Tree and Shrub ID: Workshop and Walking Tour





Lead by Ed Jensen, Professor Emeritus, OSU College of Forestry

The first hour of this 2-hour workshop will be conducted inside Greenbelt’s Bald Hill farm house and will improve your ability to identify trees and shrubs in general.  In it, you will hone your knowledge of key plant characteristics and learn to use the identification key in Shrubs to Know in Pacific Northwest Forests to identify unknown shrubs.  The second hour will consist of a walking tour on the gentle trails around Bald Hill Farm, during which you will apply the skills you learned in the first hour.

If you already own a copy of Shrubs to Know in Pacific Northwest Forests (OSU Extension Circular 1640) please bring it. If not, we will have copies for purchase (proceeds going to Greenbelt), and will have several copies to loan.

Ed Jensen is an award-winning educator and author who spent nearly 40 years teaching OSU students (and others) about the identification and ecology of the trees and shrubs that comprise Northwest forests.

Tree and Shrub ID

Workshop and Walking Tour 2019

Volunteer Naturalist Orientation





It’s the 7th year of Greenbelt Land Trust’s Volunteer Naturalist program! Are you interested in being a Volunteer Naturalist? If you are a returning Naturalist or have always wanted to be one, now is your chance to be part of this enthusiastic and fun group for the 2019 season.


  • Love exploring the outdoors in Corvallis?
  • Enjoy sharing your passion for nature with the public?
  • Want to help your community better appreciate the natural history of Bald Hill Farm and the mission of Greenbelt Land Trust?

If you said ‘YES!’, you could be a great Volunteer Naturalist. More info about the Volunteer Naturalist program HERE.


Those interested in serving as a Volunteer Naturalist for the 2019 season are asked to attend this Orientation. Participants will learn the nuts and bolts of being a Volunteer Naturalist and receive training on the natural and cultural history of Bald Hill Farm, the work of Greenbelt Land Trust, interpretation skills and more. Both classroom and field training will be provided. Previous experience is not necessary.


  • Many participants volunteer as couples or families. Youth under 18 can participate when accompanied by a parent or legal guardian.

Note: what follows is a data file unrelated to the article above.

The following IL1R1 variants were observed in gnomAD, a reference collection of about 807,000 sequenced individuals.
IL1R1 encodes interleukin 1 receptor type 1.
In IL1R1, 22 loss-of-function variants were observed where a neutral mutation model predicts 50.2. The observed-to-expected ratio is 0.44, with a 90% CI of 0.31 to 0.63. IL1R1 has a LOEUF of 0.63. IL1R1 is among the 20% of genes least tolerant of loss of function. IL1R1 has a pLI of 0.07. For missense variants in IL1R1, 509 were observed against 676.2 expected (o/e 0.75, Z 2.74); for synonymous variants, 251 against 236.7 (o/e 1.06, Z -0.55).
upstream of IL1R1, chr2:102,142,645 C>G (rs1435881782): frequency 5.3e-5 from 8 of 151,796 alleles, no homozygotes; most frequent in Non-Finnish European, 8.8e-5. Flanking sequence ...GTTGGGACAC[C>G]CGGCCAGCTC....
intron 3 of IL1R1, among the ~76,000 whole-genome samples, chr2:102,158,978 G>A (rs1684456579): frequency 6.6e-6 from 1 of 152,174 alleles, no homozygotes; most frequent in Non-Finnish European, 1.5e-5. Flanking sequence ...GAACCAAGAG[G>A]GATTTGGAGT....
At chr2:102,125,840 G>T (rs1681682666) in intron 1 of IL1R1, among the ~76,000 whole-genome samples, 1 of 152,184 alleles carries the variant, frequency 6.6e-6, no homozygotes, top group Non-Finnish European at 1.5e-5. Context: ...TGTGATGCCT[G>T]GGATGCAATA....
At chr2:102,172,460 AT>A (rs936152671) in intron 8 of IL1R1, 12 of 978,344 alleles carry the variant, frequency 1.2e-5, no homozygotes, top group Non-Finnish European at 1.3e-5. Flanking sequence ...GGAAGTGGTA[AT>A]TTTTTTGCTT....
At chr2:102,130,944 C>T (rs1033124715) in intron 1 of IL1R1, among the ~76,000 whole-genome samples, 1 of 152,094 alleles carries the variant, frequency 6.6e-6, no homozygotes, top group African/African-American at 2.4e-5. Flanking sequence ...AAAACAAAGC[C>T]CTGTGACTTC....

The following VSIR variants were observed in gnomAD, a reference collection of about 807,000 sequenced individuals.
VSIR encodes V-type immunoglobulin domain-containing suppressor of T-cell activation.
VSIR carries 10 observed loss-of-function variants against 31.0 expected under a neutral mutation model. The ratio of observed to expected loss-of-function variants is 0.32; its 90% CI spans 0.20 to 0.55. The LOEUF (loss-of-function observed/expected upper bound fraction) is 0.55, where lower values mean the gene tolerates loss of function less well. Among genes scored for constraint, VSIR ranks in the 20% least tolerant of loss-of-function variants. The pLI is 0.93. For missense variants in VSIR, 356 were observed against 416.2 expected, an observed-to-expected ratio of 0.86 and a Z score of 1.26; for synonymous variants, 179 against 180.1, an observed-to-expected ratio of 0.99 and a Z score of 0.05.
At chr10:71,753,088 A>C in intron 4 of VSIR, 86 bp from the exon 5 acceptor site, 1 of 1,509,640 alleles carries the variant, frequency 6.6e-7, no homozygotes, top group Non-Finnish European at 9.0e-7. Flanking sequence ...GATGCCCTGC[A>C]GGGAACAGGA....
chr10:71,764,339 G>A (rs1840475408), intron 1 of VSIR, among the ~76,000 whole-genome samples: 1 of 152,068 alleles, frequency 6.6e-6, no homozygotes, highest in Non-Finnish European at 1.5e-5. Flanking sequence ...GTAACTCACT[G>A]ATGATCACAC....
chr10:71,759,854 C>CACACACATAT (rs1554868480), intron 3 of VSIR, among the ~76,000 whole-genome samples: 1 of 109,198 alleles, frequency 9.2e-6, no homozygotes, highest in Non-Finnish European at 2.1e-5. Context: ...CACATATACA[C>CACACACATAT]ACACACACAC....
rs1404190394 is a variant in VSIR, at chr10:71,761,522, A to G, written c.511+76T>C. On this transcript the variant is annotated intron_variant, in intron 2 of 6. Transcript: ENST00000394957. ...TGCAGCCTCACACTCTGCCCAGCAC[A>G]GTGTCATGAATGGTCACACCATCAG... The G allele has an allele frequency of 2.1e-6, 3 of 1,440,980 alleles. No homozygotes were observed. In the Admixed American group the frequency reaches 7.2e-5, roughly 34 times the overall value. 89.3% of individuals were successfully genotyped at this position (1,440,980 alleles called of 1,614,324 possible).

• Are you a Master Naturalist? Ask your instructor how to earn volunteer hours for your program.


Volunteer Naturalist Sign-Up Form

    *Volunteers under 18 need to be accompanied by a parent or legal guardian.
  • Please enter someone who you would like to be contacted in the event of an emergency.

Family Walk: Say Cheese, Go Wild! **Filled**





**This outing has been filled** How do biologists study wildlife from afar yet get so up-close? Get a unique hands-on look into how we “capture” wildlife using remote trail cameras. Go for a guided walk, put cameras along the trail, see what critters we film, and take a photo home with you. Join Greenbelt Land Trust and Greenbelt Volunteer Naturalist and OSU biologist, Jonny Armstrong, for this free, kid-friendly event at the Bald Hill Farm conservation area. Light snacks provided. Space is limited, so RSVP today!

*This event is brought to you by Greenbelt Land Trust and Hike it Baby.


For more information or to RSVP, email Jessica or call the GLT office at 541.752.9609. Location and additional details will be provided upon registering.


New Year’s Resolution Ramble





Feeling energized for 2019? Or maybe you want to burn off those holiday cookies? Jump start your new year with a calorie-burning invigorating hike, stretching, and guilt-free New Year’s visioning.  Join Greenbelt Land Trust and Live Well Studio instructor, Jocelyn Darshana, for a guided walk at the beautiful Bald Hill Farm conservation area. Enjoy complimentary herbal teas and a healthy snack. New Greenbelt members welcome! No resolutions required.